As a student at Southampton College (back in the Long Island University days), I always heard of friends who signed up for the summer as plover stewards. Yet, never did I ever get the chance to experience a day in the life of these beach patrollers and defenders of tiny birds. That is, until now.
Thanks to Juliana Duryea, Stewardship Coordinator at I was able to experience a fascinating morning of “Where’s Waldo” on our local beaches this summer. Searching for tiny plovers and their chicks is just that – a very careful search. Adult plovers measure merely 5.5 inches long and weigh only 2.25 ounces! When you find what you’re looking for though, it is magic.
Though it would be super cute to see those cotton-ball-sized baby plovers in striped red and white t-shirts, they are perfectly adorable on their own. Look for the adult plover and its chicks will not be far away. Plovers and their chicks are well camouflaged to hide on the beach, and if you observe them patiently, you will see a mix of interesting behavior.
Our visit to in Greenport revealed two adult plovers seemingly herding their young down the pebble-filled beach, with only sound as a guide. The adult plover would “peep!” and the chicks would move in its direction. Then, another somewhat different “peep!” and the chicks would find a small divot in the sand and lie down.
With the sort of precision you would see in a practice drill for the U.S. Marine Corps, the adult plovers were teaching their chicks how best to survive in the ever-treacherous beach environment. Camouflage is the best protection for a plover chick before it learns to fly (about 30 days after hatch), so it is important they learn how to move quickly, sense danger, and hunker down when necessary.
Like many wildlife species we take for granted on the East End, these animals are smart. Their natural instinct and innate communication skills are a real wonder if you take the time to get outside and observe them. For instance, Juliana told me about a plover family she observed one hot day this summer at in Southold.
Four one-day-old chicks were investigating the beach on their own and had heretofore stayed clear of some nearby sleeping beachgoers. After a while, two little chicks snuck right up and began drinking condensation from one snoozer’s water glass, then pecking lightly on her leg as if to say, “I thought you were a human! Why are you acting like a rock?”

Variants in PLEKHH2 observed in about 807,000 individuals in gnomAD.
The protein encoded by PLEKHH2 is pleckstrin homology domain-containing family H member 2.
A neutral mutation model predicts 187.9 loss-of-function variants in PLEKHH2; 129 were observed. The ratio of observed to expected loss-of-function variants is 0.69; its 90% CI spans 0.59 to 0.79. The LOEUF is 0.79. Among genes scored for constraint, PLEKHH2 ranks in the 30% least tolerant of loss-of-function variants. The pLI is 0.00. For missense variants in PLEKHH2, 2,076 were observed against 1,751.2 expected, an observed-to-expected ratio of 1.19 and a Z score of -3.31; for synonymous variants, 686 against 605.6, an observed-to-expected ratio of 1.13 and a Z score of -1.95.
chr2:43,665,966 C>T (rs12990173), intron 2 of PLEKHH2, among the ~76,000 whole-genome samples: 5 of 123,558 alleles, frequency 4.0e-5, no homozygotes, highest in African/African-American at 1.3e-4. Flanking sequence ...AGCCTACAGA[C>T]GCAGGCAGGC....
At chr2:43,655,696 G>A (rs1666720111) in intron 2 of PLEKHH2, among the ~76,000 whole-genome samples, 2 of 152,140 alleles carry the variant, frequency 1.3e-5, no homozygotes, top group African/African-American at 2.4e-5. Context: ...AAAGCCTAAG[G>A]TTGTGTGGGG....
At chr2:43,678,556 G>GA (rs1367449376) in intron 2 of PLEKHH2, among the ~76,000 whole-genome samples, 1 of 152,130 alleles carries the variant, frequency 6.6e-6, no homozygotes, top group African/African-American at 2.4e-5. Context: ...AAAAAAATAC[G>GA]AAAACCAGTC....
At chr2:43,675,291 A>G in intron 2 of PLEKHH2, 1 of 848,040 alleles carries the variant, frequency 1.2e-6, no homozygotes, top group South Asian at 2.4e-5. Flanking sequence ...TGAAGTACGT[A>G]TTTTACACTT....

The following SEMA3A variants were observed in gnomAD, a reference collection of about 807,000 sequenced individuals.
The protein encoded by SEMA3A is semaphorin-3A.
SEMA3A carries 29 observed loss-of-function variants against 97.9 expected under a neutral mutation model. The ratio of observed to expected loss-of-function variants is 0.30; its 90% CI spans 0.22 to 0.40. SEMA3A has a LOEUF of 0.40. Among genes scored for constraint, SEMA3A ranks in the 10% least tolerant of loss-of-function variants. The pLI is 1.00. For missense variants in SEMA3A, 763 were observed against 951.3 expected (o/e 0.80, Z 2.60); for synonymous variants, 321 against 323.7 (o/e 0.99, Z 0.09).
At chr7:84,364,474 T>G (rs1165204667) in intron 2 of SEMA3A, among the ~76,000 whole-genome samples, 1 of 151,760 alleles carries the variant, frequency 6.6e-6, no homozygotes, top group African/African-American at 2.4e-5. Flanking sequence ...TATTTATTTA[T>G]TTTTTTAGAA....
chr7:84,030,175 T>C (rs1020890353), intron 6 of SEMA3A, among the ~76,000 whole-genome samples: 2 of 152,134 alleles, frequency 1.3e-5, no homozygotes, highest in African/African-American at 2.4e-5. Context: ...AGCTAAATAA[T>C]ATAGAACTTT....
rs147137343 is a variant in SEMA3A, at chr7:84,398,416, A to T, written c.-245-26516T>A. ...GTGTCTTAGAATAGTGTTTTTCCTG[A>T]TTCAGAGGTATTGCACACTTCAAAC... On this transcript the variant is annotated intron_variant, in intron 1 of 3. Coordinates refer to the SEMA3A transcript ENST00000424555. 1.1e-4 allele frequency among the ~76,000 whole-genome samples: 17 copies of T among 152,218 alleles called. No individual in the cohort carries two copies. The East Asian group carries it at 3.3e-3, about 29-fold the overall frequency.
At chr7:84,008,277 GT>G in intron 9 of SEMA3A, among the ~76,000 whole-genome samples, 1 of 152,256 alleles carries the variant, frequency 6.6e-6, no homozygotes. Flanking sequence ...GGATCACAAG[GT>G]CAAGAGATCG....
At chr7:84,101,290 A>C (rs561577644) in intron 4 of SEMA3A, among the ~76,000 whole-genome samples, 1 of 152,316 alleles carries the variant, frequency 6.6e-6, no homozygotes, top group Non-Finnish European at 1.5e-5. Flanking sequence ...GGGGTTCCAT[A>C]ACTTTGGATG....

You might be wondering at this point, “When can I get a look at one of these insanely cute plover chicks?” The best time to see the chicks is late June and throughout July, but you can still spot a few roaming the beach and learning to fly through August.
Plovers typically arrive on the East End around the same time as the osprey (mid-March). They make a nest by scraping away sand and often line the area with shells and pebbles. In May and June, plovers lay one egg every other day in the attempt to create a complete “clutch” of four eggs. If the nest is flooded by a high tide or destroyed by a wayward beach driver, the birds can re-nest, but will likely only lay two to three more eggs. Incubation takes just 25-31 days, so you could see chicks as early as June 1.
People who live on the East End and enjoy the beach in summertime have a love-hate relationship with piping plovers. They are the type of precious macro-fauna that many live to adore, but others view their presence as an unnecessary invasion of the beach. I personally don’t see what all the fuss and piping plover recipes (you know what I mean...) are about. The birds only ask for a small portion of the beaches each summer, and they remind us of the need to conserve.
String fencing to mark off bird nesting areas not only protects valuable habitat, but it reminds us that our environment is community resource — to be shared and enjoyed by both humans and wildlife. Most people come to the East End because they love the fresh air, the beautiful clean waters, and spending time outdoors. Let’s do our best to protect the nature of the place we love, the nature that makes this place so special.
To learn more about Group for the East End’s environmental advocacy and education programs, please visit www.GroupfortheEastEnd.org.